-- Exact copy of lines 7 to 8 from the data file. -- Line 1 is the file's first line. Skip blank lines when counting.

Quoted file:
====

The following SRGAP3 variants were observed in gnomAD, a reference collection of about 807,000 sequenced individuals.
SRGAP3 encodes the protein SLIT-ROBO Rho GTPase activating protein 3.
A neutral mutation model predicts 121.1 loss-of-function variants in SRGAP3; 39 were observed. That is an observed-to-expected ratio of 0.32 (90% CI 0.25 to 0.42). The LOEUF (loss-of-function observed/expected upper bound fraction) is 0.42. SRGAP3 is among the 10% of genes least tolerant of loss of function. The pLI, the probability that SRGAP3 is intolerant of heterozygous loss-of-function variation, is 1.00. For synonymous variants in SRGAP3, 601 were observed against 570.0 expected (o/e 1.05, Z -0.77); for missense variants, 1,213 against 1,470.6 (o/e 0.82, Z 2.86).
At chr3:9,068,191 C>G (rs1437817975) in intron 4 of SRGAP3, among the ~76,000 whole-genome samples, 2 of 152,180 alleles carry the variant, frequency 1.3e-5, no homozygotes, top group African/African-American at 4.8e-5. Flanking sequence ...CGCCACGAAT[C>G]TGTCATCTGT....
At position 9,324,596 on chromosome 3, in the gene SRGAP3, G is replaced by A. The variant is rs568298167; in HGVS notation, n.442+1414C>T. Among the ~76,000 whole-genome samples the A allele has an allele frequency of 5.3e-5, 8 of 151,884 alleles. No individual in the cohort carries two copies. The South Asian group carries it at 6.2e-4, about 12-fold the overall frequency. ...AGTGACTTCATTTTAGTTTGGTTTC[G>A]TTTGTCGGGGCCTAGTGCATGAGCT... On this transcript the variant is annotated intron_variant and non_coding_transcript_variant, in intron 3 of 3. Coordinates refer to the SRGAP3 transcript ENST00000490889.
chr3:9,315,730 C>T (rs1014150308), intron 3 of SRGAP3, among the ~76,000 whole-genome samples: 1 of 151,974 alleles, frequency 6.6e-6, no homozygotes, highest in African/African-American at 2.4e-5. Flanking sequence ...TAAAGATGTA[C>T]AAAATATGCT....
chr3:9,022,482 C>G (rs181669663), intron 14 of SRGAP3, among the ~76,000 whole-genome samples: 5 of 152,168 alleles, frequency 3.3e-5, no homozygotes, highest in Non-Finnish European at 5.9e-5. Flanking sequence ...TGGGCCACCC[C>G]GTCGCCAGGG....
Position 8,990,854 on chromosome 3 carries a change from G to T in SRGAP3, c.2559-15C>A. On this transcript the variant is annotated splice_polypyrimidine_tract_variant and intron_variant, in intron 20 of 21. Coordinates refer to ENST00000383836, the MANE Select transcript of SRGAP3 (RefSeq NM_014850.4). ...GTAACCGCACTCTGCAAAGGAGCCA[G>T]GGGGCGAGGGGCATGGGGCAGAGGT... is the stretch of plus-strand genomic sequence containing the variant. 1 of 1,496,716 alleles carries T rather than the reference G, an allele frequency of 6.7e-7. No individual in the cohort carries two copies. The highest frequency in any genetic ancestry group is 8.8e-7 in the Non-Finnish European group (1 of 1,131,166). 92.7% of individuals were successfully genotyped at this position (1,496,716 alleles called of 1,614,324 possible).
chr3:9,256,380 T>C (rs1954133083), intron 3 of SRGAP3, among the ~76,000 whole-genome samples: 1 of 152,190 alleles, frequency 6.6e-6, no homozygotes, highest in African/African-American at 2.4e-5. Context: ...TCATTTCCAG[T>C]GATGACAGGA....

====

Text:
chr3:9,022,482 C>G (rs181669663), intron 14 of SRGAP3, among the ~76,000 whole-genome samples: 5 of 152,168 alleles, frequency 3.3e-5, no homozygotes, highest in Non-Finnish European at 5.9e-5. Flanking sequence ...TGGGCCACCC[C>G]GTCGCCAGGG....
Position 8,990,854 on chromosome 3 carries a change from G to T in SRGAP3, c.2559-15C>A. On this transcript the variant is annotated splice_polypyrimidine_tract_variant and intron_variant, in intron 20 of 21. Coordinates refer to ENST00000383836, the MANE Select transcript of SRGAP3 (RefSeq NM_014850.4). ...GTAACCGCACTCTGCAAAGGAGCCA[G>T]GGGGCGAGGGGCATGGGGCAGAGGT... is the stretch of plus-strand genomic sequence containing the variant. 1 of 1,496,716 alleles carries T rather than the reference G, an allele frequency of 6.7e-7. No individual in the cohort carries two copies. The highest frequency in any genetic ancestry group is 8.8e-7 in the Non-Finnish European group (1 of 1,131,166). 92.7% of individuals were successfully genotyped at this position (1,496,716 alleles called of 1,614,324 possible).